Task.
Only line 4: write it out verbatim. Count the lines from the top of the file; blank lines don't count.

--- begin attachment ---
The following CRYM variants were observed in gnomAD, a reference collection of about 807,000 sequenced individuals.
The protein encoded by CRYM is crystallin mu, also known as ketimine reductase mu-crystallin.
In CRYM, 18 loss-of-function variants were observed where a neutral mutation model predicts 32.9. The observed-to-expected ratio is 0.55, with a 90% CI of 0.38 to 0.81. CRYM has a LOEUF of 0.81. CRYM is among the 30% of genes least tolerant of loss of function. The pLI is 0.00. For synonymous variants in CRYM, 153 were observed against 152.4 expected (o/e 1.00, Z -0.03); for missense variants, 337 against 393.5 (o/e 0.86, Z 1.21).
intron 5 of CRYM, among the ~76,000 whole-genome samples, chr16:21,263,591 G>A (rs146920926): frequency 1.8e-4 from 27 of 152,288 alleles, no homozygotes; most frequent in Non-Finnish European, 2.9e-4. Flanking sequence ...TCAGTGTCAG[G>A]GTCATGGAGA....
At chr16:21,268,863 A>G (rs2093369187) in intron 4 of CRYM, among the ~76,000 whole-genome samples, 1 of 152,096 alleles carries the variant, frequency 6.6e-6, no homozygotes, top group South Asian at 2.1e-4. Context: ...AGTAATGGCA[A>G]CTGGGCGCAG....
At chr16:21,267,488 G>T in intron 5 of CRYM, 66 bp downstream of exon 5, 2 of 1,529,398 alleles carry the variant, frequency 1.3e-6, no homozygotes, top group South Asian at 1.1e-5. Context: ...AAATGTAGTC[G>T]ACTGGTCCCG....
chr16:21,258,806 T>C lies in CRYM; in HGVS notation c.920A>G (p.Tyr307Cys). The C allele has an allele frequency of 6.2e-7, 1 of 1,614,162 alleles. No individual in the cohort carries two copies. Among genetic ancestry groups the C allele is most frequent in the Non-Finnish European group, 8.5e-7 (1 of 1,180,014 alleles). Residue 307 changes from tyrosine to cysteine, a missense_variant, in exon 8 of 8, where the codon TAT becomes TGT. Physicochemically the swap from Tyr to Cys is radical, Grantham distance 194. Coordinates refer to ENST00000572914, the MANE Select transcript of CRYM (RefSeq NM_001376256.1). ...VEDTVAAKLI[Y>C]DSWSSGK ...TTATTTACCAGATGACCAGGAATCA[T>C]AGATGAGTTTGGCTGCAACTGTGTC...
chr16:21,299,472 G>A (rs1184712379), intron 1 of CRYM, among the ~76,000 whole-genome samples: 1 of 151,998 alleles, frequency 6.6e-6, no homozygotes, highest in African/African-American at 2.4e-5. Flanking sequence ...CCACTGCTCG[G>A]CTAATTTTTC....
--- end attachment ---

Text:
intron 5 of CRYM, among the ~76,000 whole-genome samples, chr16:21,263,591 G>A (rs146920926): frequency 1.8e-4 from 27 of 152,288 alleles, no homozygotes; most frequent in Non-Finnish European, 2.9e-4. Flanking sequence ...TCAGTGTCAG[G>A]GTCATGGAGA....